The universe of IRAs includes traditional, Roth, SEP and SIMPLE accounts. They are all non-conduit, but you can make your traditional IRA a conduit account by carefully controlling rollovers, contributions and distributions.
A non-conduit IRA is any IRA that intermingles rollovers, contributions and distributions.
Conduit IRA Rules
A conduit IRA is an account that you can use to temporarily park assets from a qualified retirement plan, such as a 401(k), until you roll the assets into another qualified plan. To qualify, a conduit IRA can only accept rollovers from a qualified plan. You cannot roll over any other assets into a conduit IRA, make contributions or take distributions. You don’t need to use a conduit IRA to roll over money to a qualified plan, but using a non-conduit IRA will not preserve certain tax advantages when you subsequently roll over the IRA assets to another qualified plan.
Advantages of a Conduit IRA
A conduit IRA offers these advantages:
- Net unrealized appreciation (NUA): NUA is the value of a security in excess of its cost basis, that is, what you paid for it. If you have a qualified plan that contains stocks or bonds issued by your employer, you are entitled to a tax break on the NUA in the employer securities when you receive them in a lump-sum distribution from your qualified plan. Under the proper circumstances, you can postpone paying taxes on the NUA of employer securities that you withdraw from your qualified plan. You don’t pay the NUA until you sell the securities, and the NUA will be taxed at the lower, long-term capital gains rate as opposed to your marginal tax rate for ordinary income. You preserve this tax break if you perform a qualified rollover of these securities to a conduit IRA and then roll over the IRA to another qualified plan. In this context, a qualified rollover is a lump-sum distribution of your entire qualified employer plan due to certain reasons, including separation from your job or reaching age 59 1/2.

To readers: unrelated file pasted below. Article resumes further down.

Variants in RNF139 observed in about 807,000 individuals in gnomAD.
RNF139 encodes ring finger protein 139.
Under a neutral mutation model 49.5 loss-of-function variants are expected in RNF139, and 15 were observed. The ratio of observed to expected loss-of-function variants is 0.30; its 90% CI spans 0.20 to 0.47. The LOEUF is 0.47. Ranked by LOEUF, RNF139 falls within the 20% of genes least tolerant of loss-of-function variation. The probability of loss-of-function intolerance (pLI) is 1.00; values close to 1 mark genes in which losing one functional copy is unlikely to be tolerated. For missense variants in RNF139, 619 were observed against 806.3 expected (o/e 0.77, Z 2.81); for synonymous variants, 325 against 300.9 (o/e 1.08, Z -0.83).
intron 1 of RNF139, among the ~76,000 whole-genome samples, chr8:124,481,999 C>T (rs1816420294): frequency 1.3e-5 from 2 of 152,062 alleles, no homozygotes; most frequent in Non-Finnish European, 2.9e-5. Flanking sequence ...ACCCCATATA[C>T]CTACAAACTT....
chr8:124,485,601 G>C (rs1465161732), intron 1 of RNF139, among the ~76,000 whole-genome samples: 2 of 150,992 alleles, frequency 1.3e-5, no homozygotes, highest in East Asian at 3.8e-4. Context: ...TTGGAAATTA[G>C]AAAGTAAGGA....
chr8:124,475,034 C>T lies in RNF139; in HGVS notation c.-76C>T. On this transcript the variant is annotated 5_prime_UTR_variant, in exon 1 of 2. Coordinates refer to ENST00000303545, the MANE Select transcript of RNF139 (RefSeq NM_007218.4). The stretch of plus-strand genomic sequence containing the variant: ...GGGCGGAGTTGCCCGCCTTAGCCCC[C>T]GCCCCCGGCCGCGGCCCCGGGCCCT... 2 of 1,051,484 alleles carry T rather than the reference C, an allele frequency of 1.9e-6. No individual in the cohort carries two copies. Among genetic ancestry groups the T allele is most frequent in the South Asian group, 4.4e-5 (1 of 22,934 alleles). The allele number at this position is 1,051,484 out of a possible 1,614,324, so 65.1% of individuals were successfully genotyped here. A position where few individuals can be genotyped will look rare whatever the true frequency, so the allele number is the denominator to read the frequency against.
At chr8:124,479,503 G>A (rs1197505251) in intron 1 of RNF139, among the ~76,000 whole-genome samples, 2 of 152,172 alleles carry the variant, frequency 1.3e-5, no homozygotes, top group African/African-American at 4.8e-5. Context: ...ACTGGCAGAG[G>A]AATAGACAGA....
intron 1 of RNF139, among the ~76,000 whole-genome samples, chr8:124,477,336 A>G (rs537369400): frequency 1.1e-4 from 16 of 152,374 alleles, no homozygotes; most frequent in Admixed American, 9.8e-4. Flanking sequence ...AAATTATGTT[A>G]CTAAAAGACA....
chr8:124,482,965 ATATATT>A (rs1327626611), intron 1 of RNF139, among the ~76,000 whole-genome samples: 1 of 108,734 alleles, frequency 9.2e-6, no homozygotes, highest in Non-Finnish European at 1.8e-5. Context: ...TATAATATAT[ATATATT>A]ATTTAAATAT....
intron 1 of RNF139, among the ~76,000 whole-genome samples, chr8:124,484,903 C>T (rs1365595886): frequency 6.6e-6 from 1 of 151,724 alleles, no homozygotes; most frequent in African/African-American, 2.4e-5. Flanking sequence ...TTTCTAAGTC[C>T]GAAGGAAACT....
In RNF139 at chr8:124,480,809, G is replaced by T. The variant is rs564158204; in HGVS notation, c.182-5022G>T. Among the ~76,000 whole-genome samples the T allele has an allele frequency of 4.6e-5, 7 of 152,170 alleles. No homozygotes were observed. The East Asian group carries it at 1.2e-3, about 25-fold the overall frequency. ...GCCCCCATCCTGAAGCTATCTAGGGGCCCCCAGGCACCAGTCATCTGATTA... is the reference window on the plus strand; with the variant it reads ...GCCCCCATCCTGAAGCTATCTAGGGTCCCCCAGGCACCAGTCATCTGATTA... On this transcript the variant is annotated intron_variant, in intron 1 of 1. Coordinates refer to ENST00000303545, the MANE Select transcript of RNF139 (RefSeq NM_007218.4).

- Capital gain treatment: If you were born before January 2, 1936, your qualified plan allows you to have a portion of a lump-sum distribution be taxed at the 20 percent long-term capital gains rate rather than your marginal tax rate. The lump-sum portion eligible for this treatment is the ratio of the months you actively participated in the plan before 1974 divided by total months of active participation.
- 10-year tax option: If you were born before January 2, 1936, you can take a lump sum distribution from your qualified plan that is taxed at a rate equal to your average tax rate over the previous 10 years. You pay all the tax when filing for the distribution year – the tax is not spread out over multiple years. This option can be useful if your tax rates were lower in previous years than it is in the year of the lump-sum distribution.
You must roll the shares from the conduit IRA back to a qualified plan to obtain these benefits, as they are not available from an IRA. The only role of the conduit IRA is to preserve the benefits should you roll it over to a qualified plan.
Advantages of a Non-Conduit IRA
If you maintain a conduit IRA, you will also need a non-conduit one for contributions and distributions as well as rollovers from sources other than qualified plans. Unless you need the special benefits preserved by a conduit IRA, there is no reason to bother with one. Using a non-conduit IRA alone is more convenient because you only deal with one set of tax forms each year from your IRA custodian. You also save any fees required to set up and maintain a conduit IRA. Finally, you can set up a non-conduit IRA as a Roth account, something you can’t do with a conduit IRA.